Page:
Moscow reacts to US buildup in Afghanistan
By F. William Engdahl
Online Journal Contributing Writer
Feb 6, 2009
Moscow has correctly assessed that the announced Obama troop buildup in Afghanistan has no relevance to the stated aim of combatting the ‘Taliban,’ but rather with a new attempt by the Pentagon strategists to encircle both Russia and China in Eurasia in order to retain US global military dominance. It is not waiting for a new policy from Washington. Rather Russia is acting to secure its perimeter in Central Asia through a series of calculated geopolitical moves reminiscent of the famous Great Game of more than a Century ago. The stakes in this geopolitical power game could not be higher -- the issue of world war or peace in the coming decade.
Secretary of Defense Robert Gates and Joint Chiefs of Staff Chairman Admiral Mike Mullen are asking Obama to double US troop presence in Afghanistan. Both Gates and Mullen said that while they’re thinking about the war in Afghanistan in terms of a three- to five-year time frame, their immediate goals are ‘unclear.’ That’s highly revealing. It is clear from the deliberate pattern over months, despite vehement protest from Pakistan’s government, of US bombing attacks on villages inside Pakistan, allegedly to hit Taliban targets, that the US intends to widen the conflict to Pakistan as well. What could be the possible aim?
Militarily, adding 30,000 more US troops to Afghanistan could never secure peace in that war-torn tribal region. It has been documented that many of the groups whom the US command labels ‘Taliban’ are in fact armed bands controlled by local warlords, and not ideologically close-knit Taliban cadre in any sense. By labelling them Taliban, Washington hopes to convince its NATO allies such as Germany to send their troops to fight in an unwinnable war. Afghanistan presently has an estimated 40 percent unemployment and some five million living below the poverty line. It has been ravaged by more than four decades of continuous war.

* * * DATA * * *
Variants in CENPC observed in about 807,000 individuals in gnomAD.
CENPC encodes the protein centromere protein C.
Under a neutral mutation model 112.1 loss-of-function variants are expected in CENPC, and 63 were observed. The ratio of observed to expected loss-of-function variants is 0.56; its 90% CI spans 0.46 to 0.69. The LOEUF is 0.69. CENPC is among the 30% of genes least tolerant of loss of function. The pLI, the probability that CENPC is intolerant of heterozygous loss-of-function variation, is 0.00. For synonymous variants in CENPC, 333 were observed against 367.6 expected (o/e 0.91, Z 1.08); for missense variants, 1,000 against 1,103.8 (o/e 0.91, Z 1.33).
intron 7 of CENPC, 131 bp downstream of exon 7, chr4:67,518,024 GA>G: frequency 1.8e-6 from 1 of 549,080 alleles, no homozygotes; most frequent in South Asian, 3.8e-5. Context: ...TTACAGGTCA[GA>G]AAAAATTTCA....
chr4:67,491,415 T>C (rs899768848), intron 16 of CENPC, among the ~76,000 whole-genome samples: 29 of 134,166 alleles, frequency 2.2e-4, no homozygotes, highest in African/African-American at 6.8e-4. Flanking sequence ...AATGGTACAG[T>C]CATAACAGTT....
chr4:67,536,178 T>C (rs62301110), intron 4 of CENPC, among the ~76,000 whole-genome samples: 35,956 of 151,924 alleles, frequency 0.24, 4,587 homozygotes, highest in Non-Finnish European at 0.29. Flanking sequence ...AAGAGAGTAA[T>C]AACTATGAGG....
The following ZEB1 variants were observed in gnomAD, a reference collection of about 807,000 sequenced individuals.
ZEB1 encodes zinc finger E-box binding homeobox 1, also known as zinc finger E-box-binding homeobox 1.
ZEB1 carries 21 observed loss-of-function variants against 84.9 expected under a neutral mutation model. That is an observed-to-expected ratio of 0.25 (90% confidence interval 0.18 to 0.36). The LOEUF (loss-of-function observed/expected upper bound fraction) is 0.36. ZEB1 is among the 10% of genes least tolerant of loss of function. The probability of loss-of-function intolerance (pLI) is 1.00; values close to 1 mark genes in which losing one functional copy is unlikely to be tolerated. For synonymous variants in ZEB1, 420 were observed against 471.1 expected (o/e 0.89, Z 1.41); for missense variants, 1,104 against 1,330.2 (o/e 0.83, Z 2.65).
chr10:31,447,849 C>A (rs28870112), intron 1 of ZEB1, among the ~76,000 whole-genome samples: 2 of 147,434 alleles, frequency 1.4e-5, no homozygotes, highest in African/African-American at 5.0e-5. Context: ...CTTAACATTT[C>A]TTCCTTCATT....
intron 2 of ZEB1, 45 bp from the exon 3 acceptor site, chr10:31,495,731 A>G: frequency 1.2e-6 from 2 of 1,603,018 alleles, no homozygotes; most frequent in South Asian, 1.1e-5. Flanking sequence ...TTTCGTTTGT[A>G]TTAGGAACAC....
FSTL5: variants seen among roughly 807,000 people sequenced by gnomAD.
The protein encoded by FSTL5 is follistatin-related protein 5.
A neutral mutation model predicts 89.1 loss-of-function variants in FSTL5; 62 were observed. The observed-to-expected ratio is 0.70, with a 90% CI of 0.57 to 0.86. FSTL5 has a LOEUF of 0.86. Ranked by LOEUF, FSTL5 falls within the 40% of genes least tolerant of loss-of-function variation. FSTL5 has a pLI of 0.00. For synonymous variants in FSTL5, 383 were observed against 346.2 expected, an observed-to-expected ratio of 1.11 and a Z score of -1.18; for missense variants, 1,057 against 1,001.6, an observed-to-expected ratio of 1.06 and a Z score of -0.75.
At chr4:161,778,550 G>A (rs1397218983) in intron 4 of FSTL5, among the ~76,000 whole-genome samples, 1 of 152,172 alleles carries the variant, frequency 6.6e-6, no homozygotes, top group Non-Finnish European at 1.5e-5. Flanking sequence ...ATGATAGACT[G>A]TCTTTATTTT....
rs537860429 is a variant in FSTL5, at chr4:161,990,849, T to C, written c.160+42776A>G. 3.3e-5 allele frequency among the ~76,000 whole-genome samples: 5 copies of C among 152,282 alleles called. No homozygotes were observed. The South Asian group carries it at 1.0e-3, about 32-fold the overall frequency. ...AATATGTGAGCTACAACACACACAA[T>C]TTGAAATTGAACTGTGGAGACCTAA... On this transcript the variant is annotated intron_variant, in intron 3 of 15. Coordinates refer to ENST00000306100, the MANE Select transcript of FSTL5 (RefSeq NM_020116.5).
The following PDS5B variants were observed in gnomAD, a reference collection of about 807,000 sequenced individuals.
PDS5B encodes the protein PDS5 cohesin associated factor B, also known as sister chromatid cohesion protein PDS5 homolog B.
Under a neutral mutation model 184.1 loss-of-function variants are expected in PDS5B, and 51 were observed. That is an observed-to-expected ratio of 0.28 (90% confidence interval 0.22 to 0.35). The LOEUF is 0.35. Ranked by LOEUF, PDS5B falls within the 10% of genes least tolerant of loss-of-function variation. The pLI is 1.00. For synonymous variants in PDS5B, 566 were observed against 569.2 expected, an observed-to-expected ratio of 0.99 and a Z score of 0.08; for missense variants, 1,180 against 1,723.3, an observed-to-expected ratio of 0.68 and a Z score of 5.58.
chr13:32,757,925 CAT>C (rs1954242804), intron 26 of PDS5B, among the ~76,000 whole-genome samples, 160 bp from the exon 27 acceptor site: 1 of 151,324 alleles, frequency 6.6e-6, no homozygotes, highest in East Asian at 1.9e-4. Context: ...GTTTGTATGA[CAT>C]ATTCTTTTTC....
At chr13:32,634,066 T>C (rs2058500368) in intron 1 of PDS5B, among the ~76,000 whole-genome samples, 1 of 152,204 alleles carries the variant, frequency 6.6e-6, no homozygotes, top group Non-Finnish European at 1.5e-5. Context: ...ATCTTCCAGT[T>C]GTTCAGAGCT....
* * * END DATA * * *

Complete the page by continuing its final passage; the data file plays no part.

Adding a mere 30,000 more for a total of 60,000 US troops in Afghanistan where the current killing rate for US soldiers is running 15 times above that in Iraq, is ludicrous. According to the official US Marine Corps counterinsurgency guidelines, to run a countrywide counterinsurgency strategy with the absolute minimum force levels required by US Army and Marine Corps doctrine, the US would need almost 655,000 troops, or an escalation roughly 600,000 troops higher than the force levels in the proposed Gates strategy. In fact the US strategy as it now appears seems to be a replay of the gradual escalation strategy the US pursued in Vietnam in the early 1960s.
Secretary of State Hillary Clinton, whose foreign policy guidance, as that of her husband, is virtually indistinguishable from the Bush faction’s, has just convened a dinner discussion of leading policy experts on Afghanistan and South Asia. It included Defense Secretary Gates, CENTCOM commander Gen. David Petraeus, and National Security advisor Gen. James L. Jones. It follows the appointment of former Ambassador, and hawk, Richard Holbrooke as the State Department’s Special South Asia Envoy.
In January 2008, more than a year ago, present National Security adviser to Obama, General James Jones headed a private Afghan Study Group which recommended drastic steps to ‘revitalize’ the war in Afghanistan. Revitalize a war whose goals have not even been clearly formulated? Not surprisingly, Moscow suspects another agenda is at work when Washington puts such heavy concentration strategically on the issue of the forgotten “war on terror” in Afghanistan, a region with no discernable direct national security implications for the United States or NATO member countries. No conceivable combination in Afghanistan, a failed state if there ever was one, could threaten a war of aggression abroad. The tribal warlords around President Karzai seem to be struggling just to maintain their heroin export flows at record levels.